In a worst-case scenario, a major regulatory change could alter it’s business model drastically for the worse, sinking it’s share price in the process.
A good guide for diversification would be to allocate your funds between asset classes that have low or negative correlations so that if one moves down the other tends to counteract it. If that sounds too complicated, then at least spread out your capital across 5-10 stock counters in different industries to safeguard yourself from a total knockdown.
Ignoring Major Disruptive Trends
An apt example for the last mistake would be Comfortdelgro Corp.
In it’s heydays, the company used to be a major player in the local transport market through it’s taxis. With the appearance of Uber and Grab in 2017 however, taxi revenues have fallen greatly due to the mass adoption of ride-hailing apps which removed many of the pain-points of getting a cab.
They’re not the first; and they won’t be the last. Major disruptors such as Machine learning, IOT, Cryptocurrency, and Robotics are already taking shape. Some of them are even in the early stages of adoption right now.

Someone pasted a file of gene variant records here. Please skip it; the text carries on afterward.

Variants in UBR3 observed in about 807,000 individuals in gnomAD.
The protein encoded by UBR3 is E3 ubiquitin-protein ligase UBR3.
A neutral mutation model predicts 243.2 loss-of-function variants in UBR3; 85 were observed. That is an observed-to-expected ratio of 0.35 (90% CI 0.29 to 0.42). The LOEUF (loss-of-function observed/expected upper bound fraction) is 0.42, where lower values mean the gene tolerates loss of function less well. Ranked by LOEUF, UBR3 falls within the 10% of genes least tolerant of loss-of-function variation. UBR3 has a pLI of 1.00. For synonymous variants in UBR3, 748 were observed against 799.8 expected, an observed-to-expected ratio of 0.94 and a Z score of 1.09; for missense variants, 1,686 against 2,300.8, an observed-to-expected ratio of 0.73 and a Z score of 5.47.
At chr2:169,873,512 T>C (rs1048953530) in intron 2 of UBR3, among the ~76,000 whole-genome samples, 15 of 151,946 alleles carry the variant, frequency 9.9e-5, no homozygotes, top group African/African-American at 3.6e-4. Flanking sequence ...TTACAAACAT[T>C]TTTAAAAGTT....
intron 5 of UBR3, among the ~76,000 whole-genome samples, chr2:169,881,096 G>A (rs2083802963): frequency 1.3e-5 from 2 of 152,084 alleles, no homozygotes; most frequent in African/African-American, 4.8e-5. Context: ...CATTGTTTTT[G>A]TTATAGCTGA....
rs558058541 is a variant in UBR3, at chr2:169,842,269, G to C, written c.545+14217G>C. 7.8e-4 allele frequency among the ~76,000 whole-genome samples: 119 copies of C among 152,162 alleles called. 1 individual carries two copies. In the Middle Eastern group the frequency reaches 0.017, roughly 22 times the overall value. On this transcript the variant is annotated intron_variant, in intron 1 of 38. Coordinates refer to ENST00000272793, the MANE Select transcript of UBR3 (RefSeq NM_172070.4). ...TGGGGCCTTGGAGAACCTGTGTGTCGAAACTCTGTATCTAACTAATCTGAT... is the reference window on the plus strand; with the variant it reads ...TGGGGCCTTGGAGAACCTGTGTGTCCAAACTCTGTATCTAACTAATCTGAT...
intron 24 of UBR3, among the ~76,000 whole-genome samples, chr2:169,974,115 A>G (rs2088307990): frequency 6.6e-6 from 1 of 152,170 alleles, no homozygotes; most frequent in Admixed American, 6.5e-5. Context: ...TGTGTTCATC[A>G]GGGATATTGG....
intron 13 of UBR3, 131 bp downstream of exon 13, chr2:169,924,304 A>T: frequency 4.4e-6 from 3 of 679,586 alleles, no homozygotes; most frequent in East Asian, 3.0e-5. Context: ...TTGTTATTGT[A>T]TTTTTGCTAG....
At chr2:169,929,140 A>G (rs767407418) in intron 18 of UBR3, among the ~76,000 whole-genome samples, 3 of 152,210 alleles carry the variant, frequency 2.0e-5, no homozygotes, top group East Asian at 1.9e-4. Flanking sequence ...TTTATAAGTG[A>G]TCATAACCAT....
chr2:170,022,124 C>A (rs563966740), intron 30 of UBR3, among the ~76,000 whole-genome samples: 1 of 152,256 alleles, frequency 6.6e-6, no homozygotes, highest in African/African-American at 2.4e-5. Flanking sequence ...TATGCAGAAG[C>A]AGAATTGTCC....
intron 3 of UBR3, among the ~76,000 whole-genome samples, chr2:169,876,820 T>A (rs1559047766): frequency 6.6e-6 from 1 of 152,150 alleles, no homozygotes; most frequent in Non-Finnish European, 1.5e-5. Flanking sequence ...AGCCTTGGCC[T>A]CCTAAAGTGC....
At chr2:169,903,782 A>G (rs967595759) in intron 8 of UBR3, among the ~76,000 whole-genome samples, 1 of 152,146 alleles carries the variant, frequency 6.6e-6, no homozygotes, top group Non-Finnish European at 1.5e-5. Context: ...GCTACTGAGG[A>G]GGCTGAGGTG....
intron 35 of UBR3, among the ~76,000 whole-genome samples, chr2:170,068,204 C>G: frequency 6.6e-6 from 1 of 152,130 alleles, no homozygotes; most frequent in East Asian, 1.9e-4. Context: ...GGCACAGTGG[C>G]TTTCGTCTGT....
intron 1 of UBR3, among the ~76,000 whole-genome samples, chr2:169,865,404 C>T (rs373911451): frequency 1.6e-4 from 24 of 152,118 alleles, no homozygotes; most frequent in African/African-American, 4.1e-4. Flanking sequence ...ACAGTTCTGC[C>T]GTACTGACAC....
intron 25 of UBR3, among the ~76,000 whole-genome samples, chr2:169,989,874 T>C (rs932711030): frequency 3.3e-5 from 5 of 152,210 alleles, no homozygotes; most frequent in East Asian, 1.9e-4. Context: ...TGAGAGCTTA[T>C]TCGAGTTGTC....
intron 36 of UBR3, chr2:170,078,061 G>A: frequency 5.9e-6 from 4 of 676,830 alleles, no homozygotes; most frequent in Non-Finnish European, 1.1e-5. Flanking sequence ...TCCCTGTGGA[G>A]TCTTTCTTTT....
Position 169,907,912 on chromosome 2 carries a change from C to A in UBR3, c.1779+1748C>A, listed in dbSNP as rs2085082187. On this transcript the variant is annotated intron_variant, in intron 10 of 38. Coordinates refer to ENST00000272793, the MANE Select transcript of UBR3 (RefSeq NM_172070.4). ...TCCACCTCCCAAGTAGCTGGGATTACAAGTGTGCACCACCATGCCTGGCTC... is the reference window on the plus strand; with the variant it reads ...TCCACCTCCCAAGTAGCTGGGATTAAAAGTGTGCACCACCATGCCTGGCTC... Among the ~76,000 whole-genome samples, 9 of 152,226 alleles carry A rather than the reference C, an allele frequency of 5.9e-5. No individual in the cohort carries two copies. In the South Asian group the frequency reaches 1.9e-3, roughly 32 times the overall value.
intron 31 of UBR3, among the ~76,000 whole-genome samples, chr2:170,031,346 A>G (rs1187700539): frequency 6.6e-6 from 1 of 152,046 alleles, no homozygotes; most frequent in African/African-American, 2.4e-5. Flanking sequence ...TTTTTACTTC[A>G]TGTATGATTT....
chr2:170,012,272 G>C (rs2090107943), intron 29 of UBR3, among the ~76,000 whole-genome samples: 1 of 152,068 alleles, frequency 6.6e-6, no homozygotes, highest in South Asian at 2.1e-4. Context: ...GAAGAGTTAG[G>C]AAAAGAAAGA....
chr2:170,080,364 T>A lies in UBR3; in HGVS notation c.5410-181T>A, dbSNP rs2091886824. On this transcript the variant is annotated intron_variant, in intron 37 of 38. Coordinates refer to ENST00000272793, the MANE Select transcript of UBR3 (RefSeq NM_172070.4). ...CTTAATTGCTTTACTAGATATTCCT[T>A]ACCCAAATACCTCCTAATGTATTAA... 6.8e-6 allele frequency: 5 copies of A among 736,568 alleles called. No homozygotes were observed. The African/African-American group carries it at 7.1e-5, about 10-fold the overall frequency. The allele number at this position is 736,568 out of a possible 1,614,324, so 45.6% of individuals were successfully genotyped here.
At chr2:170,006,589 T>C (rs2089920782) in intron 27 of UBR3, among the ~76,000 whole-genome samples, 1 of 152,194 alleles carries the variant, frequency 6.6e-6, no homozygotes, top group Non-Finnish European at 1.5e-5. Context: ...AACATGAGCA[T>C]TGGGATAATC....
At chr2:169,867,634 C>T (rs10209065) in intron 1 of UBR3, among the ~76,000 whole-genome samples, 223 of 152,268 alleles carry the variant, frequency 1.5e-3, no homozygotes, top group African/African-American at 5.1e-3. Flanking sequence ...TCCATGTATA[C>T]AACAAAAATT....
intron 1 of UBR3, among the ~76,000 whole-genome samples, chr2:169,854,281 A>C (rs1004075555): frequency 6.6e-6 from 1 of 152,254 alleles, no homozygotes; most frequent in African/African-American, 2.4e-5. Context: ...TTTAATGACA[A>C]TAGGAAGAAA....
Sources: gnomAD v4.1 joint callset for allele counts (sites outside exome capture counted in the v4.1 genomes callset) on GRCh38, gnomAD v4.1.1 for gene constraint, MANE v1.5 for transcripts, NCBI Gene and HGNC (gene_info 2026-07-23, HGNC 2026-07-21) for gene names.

The general rule of thumb is that once these technologies reach a stage where they are both practically viable, and can be deployed without absurd costs, market demand will likely push them into mass-adoption rapidly.
Fortunately, such events do not happen overnight, and a savvy investor who has his eye on the horizon can avoid such mishaps handily.
Imagine losing all your hard-earned money saved over decades due to a hyped up stock crash. Or losing an important sum of money meant for your kid’s education all because of a sudden regulatory change.
These are not just folk tales, but true and harrowing events which have happened to careless or unlucky investors in the past.
As retail investors, we truly are the masters of our own fate. Therefore, we need to ensure we are up to the task by gaining the essential knowledge, and constantly polishing our stock-picking processes. In doing so, we can safeguard our capital for the future as well.